A while ago, I checked out the screening of Eyes Without A Face (1960) at the Alliance Française French Film Festival held at Cinematheque. This year’s theme was Love and Violence. I was surprised at how many of the films were older, but it was kind of nice to have the theatre vibe anyway, with a big screen and everyone sharing feels. That being said, you can also just watch this film on YouTube (see link at end).
Eyes Without a Face is directed by Georges Franju and based on a novel by Jean Redon. It’s inspired a whole bunch of stuff, including the Spanish film The Skin I Live In.
This psychological horror film is about Christiane and her father’s quest to steal her a new face. Her father caused a car accident that wrecked her previously lovely face, so he now kidnaps other young girls to steal their faces and stitch them onto his daughters.
Christians is passive and reasonably mopey throughout all this. She misses her old beau. But, over the course of the film, she asserts herself more and craziness ensues.
The first thing that drew me in was the music. This carnivalesque ditty plays in the opening credits as someone drives to stash body, and then it’s reoccurring throughout the film. It kind of becomes the someone-is-about-to-get-kidnapped theme.
The theme song for Christiane is also fantastic. It’s soft and contemplative, kind of like the background music of an old fantasy video game. Play below.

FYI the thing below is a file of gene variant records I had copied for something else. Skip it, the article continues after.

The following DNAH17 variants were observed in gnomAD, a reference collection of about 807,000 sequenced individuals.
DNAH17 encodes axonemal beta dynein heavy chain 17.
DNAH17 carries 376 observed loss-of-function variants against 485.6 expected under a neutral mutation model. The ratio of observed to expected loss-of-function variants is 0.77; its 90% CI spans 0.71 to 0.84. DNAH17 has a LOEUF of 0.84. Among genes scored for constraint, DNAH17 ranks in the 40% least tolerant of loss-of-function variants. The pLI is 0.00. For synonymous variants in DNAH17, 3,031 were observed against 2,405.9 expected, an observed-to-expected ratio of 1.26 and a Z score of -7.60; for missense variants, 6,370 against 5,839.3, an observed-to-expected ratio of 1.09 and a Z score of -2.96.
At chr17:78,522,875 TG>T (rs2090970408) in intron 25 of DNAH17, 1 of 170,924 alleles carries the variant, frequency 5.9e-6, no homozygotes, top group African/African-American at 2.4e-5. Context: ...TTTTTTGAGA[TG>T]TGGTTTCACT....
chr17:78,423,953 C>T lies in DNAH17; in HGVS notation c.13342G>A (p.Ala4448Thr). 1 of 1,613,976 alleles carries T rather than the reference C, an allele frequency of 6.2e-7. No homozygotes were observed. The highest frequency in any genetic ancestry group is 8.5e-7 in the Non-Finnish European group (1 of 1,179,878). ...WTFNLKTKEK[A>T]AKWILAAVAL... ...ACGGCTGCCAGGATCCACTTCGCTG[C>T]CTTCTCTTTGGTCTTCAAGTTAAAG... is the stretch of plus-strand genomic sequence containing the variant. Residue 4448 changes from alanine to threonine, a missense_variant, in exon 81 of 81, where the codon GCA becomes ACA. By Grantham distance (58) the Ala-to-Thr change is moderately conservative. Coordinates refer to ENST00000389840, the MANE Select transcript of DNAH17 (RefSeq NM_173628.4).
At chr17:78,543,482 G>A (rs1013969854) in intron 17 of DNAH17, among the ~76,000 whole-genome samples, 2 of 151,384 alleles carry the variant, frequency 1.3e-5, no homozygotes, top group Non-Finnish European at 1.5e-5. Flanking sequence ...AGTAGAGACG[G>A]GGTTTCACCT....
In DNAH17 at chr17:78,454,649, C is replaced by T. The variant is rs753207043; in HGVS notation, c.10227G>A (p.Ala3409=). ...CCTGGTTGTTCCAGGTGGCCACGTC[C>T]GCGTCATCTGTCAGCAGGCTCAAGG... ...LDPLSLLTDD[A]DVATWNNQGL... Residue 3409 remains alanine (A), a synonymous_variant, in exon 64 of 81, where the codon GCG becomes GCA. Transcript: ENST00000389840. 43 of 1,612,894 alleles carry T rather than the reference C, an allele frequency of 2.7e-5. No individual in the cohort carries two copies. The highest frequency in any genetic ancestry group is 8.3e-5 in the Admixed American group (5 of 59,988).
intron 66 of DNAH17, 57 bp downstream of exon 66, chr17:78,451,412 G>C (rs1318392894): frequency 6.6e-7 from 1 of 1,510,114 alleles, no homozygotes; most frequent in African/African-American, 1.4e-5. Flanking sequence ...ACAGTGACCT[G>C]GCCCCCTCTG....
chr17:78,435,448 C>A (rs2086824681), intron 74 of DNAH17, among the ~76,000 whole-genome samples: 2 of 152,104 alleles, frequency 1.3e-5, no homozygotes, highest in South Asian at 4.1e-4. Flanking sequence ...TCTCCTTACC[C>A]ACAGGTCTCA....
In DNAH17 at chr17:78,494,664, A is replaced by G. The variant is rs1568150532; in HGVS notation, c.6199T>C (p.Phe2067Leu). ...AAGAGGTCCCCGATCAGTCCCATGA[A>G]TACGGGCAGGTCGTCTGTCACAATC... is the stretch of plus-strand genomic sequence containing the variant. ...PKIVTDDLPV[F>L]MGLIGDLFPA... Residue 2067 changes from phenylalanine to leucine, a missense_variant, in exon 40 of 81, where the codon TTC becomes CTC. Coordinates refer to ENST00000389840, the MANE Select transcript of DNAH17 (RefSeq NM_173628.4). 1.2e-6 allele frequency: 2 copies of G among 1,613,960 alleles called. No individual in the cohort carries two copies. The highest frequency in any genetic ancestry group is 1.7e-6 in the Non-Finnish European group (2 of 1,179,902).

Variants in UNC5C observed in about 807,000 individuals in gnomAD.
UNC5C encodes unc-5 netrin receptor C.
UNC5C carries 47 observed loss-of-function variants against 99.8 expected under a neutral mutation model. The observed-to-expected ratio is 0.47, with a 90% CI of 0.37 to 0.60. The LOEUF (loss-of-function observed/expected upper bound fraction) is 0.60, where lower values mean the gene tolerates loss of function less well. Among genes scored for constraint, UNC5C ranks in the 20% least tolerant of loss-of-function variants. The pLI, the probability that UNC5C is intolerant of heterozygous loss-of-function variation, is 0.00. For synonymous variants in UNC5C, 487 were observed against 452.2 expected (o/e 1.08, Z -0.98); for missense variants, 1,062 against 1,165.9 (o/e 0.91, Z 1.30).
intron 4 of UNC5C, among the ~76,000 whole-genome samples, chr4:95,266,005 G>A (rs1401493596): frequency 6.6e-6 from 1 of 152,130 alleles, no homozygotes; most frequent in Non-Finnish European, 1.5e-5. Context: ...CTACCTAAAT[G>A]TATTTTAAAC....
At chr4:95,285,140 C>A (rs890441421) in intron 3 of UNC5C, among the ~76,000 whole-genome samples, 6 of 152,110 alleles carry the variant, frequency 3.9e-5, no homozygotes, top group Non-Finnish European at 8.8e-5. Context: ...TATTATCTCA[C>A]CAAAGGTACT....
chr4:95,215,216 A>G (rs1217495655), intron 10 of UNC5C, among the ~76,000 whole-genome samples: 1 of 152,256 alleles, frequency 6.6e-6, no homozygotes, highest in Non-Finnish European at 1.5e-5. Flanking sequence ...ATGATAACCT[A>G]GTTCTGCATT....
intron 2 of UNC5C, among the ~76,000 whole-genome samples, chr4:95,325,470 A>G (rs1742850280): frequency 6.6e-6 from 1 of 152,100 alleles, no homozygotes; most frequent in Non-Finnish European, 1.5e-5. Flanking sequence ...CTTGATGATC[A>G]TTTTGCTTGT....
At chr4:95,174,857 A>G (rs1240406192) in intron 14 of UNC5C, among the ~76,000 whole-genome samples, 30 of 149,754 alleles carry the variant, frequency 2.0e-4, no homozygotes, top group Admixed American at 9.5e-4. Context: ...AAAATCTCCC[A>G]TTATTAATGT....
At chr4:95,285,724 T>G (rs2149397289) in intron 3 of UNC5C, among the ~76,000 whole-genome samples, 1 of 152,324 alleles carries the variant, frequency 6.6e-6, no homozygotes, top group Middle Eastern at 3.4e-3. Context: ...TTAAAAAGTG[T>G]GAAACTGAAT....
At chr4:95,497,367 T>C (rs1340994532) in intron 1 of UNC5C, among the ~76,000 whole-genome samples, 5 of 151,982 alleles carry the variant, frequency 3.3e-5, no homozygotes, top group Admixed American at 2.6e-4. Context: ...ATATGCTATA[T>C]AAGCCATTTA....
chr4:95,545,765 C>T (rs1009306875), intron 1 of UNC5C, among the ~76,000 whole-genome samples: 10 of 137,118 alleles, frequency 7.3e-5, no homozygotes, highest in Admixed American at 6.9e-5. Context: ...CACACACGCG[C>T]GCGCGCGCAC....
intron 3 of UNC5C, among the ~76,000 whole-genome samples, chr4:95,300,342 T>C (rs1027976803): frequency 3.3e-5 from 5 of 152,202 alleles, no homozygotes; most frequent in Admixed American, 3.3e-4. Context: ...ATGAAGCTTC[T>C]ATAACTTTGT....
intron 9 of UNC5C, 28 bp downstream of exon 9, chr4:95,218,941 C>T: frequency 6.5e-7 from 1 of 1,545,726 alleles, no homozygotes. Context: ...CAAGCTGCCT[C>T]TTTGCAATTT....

This film isn’t really scary by today’s standards, but the vibe is still delightfully messed up. Also, the doctor cutting off a woman’s face looks less realistic than it would today, but it’s still pretty good! The fact that the camera lingers on it for so long lets the viewer go through so many phases of emotions and thoughts. I went from, “so cheesy”, to “ah, they’re actually showing it”, to “god, he’s sweating a lot”, to “it’s going to fall apart”, to “just rip it off already!”, and finally to “ew.”
Christiane’s mask is very iconic. It makes her look like a porcelain doll, which is basically how her father and his assistant treat her. The actress, Edith Scob, manages to do a lot with her head movements and walking to show emotion.
The design of the Doctor’s house is interesting. It’s huge with three levels, Christiane in the attic and the doctor’s lab and experiment dogs in the basement. There are many scenes that show all three levels. Christians wanders down from her prison tower to pet the dogs. Kidnapped girls naively run upstairs. Sometimes it even goes on a little long, from level to level, but it makes you feel it’s big emptiness.
I’m divided on the ending of the film. I won’t reveal it, but it has a great climax, and then a quick ending that made think, “what happens now?” Sometimes you want endings to do that, but most of the time I just want a nice conclusion with a discernible meaning. Overall, I think this film is more about feeling than meaning, which works for horror.
Thanks for reading! If you watch it below, let me know what you think.
Also, I’m not sure what’s up with me and horror films lately! Normally, I don’t watch them at all, but I’ve seen two in the past month. #tryingnewthings